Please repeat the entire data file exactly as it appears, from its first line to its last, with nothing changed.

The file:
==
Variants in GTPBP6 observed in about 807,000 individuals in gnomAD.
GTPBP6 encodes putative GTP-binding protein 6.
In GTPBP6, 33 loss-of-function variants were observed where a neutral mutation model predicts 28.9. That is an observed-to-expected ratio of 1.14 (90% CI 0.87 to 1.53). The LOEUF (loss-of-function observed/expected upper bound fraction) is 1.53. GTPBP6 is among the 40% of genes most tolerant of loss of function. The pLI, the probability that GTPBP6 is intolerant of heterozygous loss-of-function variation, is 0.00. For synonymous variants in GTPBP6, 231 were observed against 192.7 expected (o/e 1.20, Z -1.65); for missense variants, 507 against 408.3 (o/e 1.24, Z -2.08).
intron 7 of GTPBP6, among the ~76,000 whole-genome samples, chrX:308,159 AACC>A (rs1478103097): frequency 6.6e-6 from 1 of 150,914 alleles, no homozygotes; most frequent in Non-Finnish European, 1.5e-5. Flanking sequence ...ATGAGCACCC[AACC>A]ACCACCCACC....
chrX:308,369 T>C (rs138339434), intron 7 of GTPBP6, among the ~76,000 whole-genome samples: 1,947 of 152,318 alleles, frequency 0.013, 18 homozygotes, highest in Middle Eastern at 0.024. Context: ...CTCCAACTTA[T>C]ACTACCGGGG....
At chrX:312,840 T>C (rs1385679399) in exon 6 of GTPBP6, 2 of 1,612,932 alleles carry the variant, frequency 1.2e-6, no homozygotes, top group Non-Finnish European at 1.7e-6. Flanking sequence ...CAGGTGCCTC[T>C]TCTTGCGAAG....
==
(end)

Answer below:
Variants in GTPBP6 observed in about 807,000 individuals in gnomAD.
GTPBP6 encodes putative GTP-binding protein 6.
In GTPBP6, 33 loss-of-function variants were observed where a neutral mutation model predicts 28.9. That is an observed-to-expected ratio of 1.14 (90% CI 0.87 to 1.53). The LOEUF (loss-of-function observed/expected upper bound fraction) is 1.53. GTPBP6 is among the 40% of genes most tolerant of loss of function. The pLI, the probability that GTPBP6 is intolerant of heterozygous loss-of-function variation, is 0.00. For synonymous variants in GTPBP6, 231 were observed against 192.7 expected (o/e 1.20, Z -1.65); for missense variants, 507 against 408.3 (o/e 1.24, Z -2.08).
intron 7 of GTPBP6, among the ~76,000 whole-genome samples, chrX:308,159 AACC>A (rs1478103097): frequency 6.6e-6 from 1 of 150,914 alleles, no homozygotes; most frequent in Non-Finnish European, 1.5e-5. Flanking sequence ...ATGAGCACCC[AACC>A]ACCACCCACC....
chrX:308,369 T>C (rs138339434), intron 7 of GTPBP6, among the ~76,000 whole-genome samples: 1,947 of 152,318 alleles, frequency 0.013, 18 homozygotes, highest in Middle Eastern at 0.024. Context: ...CTCCAACTTA[T>C]ACTACCGGGG....
At chrX:312,840 T>C (rs1385679399) in exon 6 of GTPBP6, 2 of 1,612,932 alleles carry the variant, frequency 1.2e-6, no homozygotes, top group Non-Finnish European at 1.7e-6. Flanking sequence ...CAGGTGCCTC[T>C]TCTTGCGAAG....